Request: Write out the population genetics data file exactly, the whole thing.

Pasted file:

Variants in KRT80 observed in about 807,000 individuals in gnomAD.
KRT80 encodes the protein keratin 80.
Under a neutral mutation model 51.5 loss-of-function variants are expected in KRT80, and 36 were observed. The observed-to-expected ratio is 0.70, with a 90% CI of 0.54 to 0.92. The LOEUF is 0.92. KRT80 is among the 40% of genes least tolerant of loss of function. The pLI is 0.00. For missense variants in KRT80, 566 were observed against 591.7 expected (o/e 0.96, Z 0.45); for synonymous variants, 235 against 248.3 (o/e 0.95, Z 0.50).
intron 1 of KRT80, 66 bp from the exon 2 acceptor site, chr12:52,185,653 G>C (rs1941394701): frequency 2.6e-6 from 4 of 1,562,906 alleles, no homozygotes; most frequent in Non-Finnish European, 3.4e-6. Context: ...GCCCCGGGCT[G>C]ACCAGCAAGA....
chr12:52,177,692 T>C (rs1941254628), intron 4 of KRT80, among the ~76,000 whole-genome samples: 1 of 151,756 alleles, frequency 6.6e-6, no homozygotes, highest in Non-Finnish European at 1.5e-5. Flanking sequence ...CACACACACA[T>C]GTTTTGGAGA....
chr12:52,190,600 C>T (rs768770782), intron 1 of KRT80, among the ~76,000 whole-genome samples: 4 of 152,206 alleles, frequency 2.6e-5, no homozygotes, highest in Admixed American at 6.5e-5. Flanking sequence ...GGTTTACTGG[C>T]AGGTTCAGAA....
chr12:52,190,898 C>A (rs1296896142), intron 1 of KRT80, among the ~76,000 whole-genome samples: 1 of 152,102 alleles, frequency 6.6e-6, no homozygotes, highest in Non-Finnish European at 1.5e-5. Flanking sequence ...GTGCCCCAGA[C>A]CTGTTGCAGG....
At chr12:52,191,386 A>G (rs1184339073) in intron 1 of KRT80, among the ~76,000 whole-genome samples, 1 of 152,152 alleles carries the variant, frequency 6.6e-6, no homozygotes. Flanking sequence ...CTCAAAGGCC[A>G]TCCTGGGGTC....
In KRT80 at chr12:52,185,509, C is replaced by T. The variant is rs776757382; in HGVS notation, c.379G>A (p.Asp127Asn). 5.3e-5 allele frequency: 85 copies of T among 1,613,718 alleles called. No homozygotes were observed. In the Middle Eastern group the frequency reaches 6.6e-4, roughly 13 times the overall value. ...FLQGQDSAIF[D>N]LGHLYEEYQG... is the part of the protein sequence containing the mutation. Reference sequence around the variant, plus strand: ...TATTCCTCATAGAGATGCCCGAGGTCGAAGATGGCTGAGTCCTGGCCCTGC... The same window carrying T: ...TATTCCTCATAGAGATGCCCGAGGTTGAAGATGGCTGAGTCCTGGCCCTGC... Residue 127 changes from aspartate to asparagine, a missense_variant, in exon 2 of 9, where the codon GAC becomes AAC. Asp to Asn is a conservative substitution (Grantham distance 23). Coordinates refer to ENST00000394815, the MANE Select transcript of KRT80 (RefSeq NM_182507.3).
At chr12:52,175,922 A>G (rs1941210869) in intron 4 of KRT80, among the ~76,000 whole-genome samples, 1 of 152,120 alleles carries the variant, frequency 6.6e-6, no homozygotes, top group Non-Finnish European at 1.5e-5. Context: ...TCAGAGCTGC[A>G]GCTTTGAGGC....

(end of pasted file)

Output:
Variants in KRT80 observed in about 807,000 individuals in gnomAD.
KRT80 encodes the protein keratin 80.
Under a neutral mutation model 51.5 loss-of-function variants are expected in KRT80, and 36 were observed. The observed-to-expected ratio is 0.70, with a 90% CI of 0.54 to 0.92. The LOEUF is 0.92. KRT80 is among the 40% of genes least tolerant of loss of function. The pLI is 0.00. For missense variants in KRT80, 566 were observed against 591.7 expected (o/e 0.96, Z 0.45); for synonymous variants, 235 against 248.3 (o/e 0.95, Z 0.50).
intron 1 of KRT80, 66 bp from the exon 2 acceptor site, chr12:52,185,653 G>C (rs1941394701): frequency 2.6e-6 from 4 of 1,562,906 alleles, no homozygotes; most frequent in Non-Finnish European, 3.4e-6. Context: ...GCCCCGGGCT[G>C]ACCAGCAAGA....
chr12:52,177,692 T>C (rs1941254628), intron 4 of KRT80, among the ~76,000 whole-genome samples: 1 of 151,756 alleles, frequency 6.6e-6, no homozygotes, highest in Non-Finnish European at 1.5e-5. Flanking sequence ...CACACACACA[T>C]GTTTTGGAGA....
chr12:52,190,600 C>T (rs768770782), intron 1 of KRT80, among the ~76,000 whole-genome samples: 4 of 152,206 alleles, frequency 2.6e-5, no homozygotes, highest in Admixed American at 6.5e-5. Flanking sequence ...GGTTTACTGG[C>T]AGGTTCAGAA....
chr12:52,190,898 C>A (rs1296896142), intron 1 of KRT80, among the ~76,000 whole-genome samples: 1 of 152,102 alleles, frequency 6.6e-6, no homozygotes, highest in Non-Finnish European at 1.5e-5. Flanking sequence ...GTGCCCCAGA[C>A]CTGTTGCAGG....
At chr12:52,191,386 A>G (rs1184339073) in intron 1 of KRT80, among the ~76,000 whole-genome samples, 1 of 152,152 alleles carries the variant, frequency 6.6e-6, no homozygotes. Flanking sequence ...CTCAAAGGCC[A>G]TCCTGGGGTC....
In KRT80 at chr12:52,185,509, C is replaced by T. The variant is rs776757382; in HGVS notation, c.379G>A (p.Asp127Asn). 5.3e-5 allele frequency: 85 copies of T among 1,613,718 alleles called. No homozygotes were observed. In the Middle Eastern group the frequency reaches 6.6e-4, roughly 13 times the overall value. ...FLQGQDSAIF[D>N]LGHLYEEYQG... is the part of the protein sequence containing the mutation. Reference sequence around the variant, plus strand: ...TATTCCTCATAGAGATGCCCGAGGTCGAAGATGGCTGAGTCCTGGCCCTGC... The same window carrying T: ...TATTCCTCATAGAGATGCCCGAGGTTGAAGATGGCTGAGTCCTGGCCCTGC... Residue 127 changes from aspartate to asparagine, a missense_variant, in exon 2 of 9, where the codon GAC becomes AAC. Asp to Asn is a conservative substitution (Grantham distance 23). Coordinates refer to ENST00000394815, the MANE Select transcript of KRT80 (RefSeq NM_182507.3).
At chr12:52,175,922 A>G (rs1941210869) in intron 4 of KRT80, among the ~76,000 whole-genome samples, 1 of 152,120 alleles carries the variant, frequency 6.6e-6, no homozygotes, top group Non-Finnish European at 1.5e-5. Context: ...TCAGAGCTGC[A>G]GCTTTGAGGC....